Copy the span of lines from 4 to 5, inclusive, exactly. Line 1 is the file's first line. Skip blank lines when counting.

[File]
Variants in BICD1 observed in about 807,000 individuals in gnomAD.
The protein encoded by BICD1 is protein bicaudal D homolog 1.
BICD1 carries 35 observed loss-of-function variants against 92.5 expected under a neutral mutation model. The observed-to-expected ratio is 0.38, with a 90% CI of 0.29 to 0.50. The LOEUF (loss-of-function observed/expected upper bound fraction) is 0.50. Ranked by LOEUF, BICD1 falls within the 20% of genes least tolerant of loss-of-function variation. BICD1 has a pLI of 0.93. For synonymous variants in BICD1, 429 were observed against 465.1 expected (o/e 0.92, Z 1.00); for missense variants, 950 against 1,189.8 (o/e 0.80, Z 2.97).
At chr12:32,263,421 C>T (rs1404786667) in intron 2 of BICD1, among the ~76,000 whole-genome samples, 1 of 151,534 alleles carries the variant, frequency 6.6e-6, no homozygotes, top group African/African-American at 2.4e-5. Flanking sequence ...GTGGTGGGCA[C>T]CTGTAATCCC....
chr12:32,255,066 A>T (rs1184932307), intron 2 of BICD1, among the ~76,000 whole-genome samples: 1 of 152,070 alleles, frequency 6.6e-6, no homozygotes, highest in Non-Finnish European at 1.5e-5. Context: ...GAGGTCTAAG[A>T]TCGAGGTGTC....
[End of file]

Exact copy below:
At chr12:32,263,421 C>T (rs1404786667) in intron 2 of BICD1, among the ~76,000 whole-genome samples, 1 of 151,534 alleles carries the variant, frequency 6.6e-6, no homozygotes, top group African/African-American at 2.4e-5. Flanking sequence ...GTGGTGGGCA[C>T]CTGTAATCCC....
chr12:32,255,066 A>T (rs1184932307), intron 2 of BICD1, among the ~76,000 whole-genome samples: 1 of 152,070 alleles, frequency 6.6e-6, no homozygotes, highest in Non-Finnish European at 1.5e-5. Context: ...GAGGTCTAAG[A>T]TCGAGGTGTC....